By David Wilson
As a designer who loves good old smart typography a print newspaper well done is a masterclass in how to deal with information design. Learning that The Guardian had changed to a tabloid format from its wonderful Berliner format was for me a bit of a worry: would The Guardian’s great attention to typography be lost?
Ever since doing my degree in Graphic Design at Coventry University in the late 90s I’ve always been fascinated by how newspapers manage to guide readers through the mass of information they contain using typography, layout and images to communicate. Understand how a newspaper deals with that and a designer can cope with anything. In fact I’d forgotten that my dissertation was partly about this very topic.
Over the years newspapers have changed, most going from broadsheets to tabloids. The Guardian of course was one of the old broadsheets that made the unique change to the Berliner format – a format smaller than a broadsheet but larger than a tabloid: a wonderful mix of formats that The Guardian made its own.
But in a changing world of how we consume news (you’re reading this on our website after all) the printed newspaper has lost ground and has had to cut costs to thrive: The Independent entirely went online, let’s hope The Guardian doesn’t go that way as it has always put great layout and thought of design into how it communicates.
Looking through the tabloid edition of The Guardian this week I’m pleased to say that great consideration of design and typography is still alive and well. The refined, and compacted masterhead on the cover aligns well into the five column grid, drawing attention to the name and allowing for content to be wrapped around it: nice I’d say!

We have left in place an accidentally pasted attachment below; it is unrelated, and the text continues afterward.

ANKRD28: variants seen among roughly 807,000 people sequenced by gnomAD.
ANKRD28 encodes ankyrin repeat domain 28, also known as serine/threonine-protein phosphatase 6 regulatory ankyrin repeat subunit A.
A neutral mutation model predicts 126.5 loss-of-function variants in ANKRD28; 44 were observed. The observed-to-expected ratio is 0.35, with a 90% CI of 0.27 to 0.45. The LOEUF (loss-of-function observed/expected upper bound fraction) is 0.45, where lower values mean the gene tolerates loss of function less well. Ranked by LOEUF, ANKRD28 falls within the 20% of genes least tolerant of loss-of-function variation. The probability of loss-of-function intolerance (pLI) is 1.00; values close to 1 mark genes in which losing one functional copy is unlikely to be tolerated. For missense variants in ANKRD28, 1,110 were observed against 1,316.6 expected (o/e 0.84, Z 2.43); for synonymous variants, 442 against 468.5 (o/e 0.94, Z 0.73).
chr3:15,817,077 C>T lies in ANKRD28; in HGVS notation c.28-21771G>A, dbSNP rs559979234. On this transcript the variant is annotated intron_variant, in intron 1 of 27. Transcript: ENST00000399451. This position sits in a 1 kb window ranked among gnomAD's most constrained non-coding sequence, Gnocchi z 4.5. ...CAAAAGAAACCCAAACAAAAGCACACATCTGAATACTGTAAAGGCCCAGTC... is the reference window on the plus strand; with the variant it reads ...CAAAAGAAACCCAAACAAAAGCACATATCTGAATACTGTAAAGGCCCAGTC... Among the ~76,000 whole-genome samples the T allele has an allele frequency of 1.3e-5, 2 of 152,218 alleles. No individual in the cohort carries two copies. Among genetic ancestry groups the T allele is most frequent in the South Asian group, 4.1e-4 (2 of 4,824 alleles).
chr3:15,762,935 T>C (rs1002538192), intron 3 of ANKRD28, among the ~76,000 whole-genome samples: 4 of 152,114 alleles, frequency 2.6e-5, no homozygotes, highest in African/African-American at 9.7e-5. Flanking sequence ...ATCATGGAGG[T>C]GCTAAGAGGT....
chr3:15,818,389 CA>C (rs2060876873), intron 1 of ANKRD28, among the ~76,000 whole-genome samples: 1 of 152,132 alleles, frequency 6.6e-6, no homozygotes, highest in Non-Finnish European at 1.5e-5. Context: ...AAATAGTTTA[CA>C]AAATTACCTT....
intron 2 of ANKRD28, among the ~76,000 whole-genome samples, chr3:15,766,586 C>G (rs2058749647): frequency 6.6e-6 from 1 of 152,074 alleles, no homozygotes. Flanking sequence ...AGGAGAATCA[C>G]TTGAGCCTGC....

Inside, the paper still has loads of navigational devices to draw your eye around the page and even with the smaller page they have still managed to use white space to give balance and pace to pages. ‘The long read’ goes across three pages and it’s a relaxed but in-depth layout. The G2 section has a great look using typography on its cover in such a playful way.
Some people seem to be critical of The Guardian’s G2 section looking like the rest of the paper, in Creative Review article they ask if the paper could be mistaken for The Times or Standard. I don’t think so personally because it still has a bold intelligent respect for how typography can guide someone around a page. I think the new tabloid Guardian is a good example of how print design can adapt in a modern changing world, lets hope that The Guardian doesn’t have to go the way of other newspapers and be entirely online. Only time will tell. But for me this redesign reinforces that good design is always the thing that makes something stand out and any business that ignores the role design plays is missing out on an easy win.